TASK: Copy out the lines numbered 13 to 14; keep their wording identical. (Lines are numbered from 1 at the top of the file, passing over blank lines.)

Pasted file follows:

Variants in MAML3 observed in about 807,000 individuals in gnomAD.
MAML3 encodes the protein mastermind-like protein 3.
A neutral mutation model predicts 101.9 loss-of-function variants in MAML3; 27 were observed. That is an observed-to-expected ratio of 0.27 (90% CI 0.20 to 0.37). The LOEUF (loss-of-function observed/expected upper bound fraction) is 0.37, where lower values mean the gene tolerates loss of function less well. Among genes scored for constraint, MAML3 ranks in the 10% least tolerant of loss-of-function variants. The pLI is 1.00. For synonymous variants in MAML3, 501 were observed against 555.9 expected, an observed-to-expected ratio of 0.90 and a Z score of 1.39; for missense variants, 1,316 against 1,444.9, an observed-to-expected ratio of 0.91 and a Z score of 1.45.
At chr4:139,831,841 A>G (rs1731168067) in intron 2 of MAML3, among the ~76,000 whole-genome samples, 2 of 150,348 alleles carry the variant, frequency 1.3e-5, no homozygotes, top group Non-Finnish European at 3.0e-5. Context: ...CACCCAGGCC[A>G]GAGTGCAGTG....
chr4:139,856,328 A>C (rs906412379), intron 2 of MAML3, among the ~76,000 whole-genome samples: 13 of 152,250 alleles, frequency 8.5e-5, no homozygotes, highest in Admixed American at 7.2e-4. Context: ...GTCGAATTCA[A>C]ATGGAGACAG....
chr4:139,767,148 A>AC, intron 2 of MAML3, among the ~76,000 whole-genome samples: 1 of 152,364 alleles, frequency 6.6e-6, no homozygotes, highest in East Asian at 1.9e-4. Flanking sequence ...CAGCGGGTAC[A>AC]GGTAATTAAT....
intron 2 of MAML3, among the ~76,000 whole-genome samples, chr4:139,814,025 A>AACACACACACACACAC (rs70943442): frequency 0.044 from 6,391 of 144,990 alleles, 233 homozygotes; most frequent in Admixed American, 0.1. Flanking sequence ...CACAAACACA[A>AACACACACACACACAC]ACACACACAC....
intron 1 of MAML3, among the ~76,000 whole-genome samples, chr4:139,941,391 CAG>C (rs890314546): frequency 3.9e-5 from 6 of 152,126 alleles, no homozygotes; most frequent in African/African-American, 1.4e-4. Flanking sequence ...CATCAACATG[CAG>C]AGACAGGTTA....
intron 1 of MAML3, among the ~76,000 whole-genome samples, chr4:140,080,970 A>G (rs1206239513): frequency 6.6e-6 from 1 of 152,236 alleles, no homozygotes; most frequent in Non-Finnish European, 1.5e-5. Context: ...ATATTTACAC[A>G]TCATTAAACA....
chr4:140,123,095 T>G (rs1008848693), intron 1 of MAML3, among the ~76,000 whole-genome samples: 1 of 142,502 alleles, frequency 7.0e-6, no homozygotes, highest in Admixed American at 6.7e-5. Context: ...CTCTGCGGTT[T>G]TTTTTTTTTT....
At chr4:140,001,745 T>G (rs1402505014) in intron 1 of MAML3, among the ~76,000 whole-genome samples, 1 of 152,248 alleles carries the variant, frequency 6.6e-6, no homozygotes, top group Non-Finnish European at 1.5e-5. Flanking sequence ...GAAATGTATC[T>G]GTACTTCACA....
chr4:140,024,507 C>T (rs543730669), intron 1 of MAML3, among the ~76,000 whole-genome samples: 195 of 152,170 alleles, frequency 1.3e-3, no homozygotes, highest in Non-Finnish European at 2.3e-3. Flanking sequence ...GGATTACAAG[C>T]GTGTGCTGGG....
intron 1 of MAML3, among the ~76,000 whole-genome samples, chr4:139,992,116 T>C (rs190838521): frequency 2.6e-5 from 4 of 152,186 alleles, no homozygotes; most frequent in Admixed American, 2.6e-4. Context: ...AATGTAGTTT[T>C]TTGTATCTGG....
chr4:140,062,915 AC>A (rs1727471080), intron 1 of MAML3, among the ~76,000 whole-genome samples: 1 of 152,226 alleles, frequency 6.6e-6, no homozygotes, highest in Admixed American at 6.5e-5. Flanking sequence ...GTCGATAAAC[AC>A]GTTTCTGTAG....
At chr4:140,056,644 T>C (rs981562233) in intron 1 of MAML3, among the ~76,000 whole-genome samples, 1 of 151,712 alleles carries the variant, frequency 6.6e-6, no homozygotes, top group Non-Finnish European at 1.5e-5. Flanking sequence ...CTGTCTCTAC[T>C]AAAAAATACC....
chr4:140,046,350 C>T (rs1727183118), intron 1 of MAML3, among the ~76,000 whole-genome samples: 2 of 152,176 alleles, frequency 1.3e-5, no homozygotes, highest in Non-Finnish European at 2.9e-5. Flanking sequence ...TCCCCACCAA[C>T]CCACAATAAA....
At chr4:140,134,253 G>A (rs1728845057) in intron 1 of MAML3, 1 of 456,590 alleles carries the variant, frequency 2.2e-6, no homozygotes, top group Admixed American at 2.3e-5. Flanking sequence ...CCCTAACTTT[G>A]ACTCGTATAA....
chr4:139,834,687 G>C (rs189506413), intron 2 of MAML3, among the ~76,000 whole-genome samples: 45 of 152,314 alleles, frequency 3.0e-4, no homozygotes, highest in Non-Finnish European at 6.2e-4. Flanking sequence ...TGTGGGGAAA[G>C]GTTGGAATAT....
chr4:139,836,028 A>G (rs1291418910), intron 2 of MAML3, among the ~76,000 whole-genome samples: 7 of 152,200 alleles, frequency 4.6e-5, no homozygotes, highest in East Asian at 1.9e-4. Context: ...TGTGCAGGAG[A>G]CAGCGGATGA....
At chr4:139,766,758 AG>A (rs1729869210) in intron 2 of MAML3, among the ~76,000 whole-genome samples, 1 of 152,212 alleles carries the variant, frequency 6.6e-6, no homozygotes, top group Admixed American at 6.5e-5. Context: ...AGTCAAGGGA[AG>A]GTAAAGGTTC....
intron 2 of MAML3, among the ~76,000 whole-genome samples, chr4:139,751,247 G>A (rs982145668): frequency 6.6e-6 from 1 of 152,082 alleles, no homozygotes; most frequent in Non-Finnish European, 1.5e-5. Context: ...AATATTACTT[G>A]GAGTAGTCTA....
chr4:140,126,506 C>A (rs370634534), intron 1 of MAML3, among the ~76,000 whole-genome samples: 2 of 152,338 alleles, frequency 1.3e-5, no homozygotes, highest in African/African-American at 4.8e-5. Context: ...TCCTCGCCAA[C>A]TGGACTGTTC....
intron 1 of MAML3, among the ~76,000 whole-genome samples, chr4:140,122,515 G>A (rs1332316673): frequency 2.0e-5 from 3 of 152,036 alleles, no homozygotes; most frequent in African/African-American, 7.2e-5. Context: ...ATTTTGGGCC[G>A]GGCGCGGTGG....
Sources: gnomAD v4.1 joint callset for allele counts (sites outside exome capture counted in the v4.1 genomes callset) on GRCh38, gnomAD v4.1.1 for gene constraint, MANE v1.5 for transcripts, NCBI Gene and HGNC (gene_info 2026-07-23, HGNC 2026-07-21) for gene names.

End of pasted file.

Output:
intron 1 of MAML3, among the ~76,000 whole-genome samples, chr4:139,992,116 T>C (rs190838521): frequency 2.6e-5 from 4 of 152,186 alleles, no homozygotes; most frequent in Admixed American, 2.6e-4. Context: ...AATGTAGTTT[T>C]TTGTATCTGG....
chr4:140,062,915 AC>A (rs1727471080), intron 1 of MAML3, among the ~76,000 whole-genome samples: 1 of 152,226 alleles, frequency 6.6e-6, no homozygotes, highest in Admixed American at 6.5e-5. Flanking sequence ...GTCGATAAAC[AC>A]GTTTCTGTAG....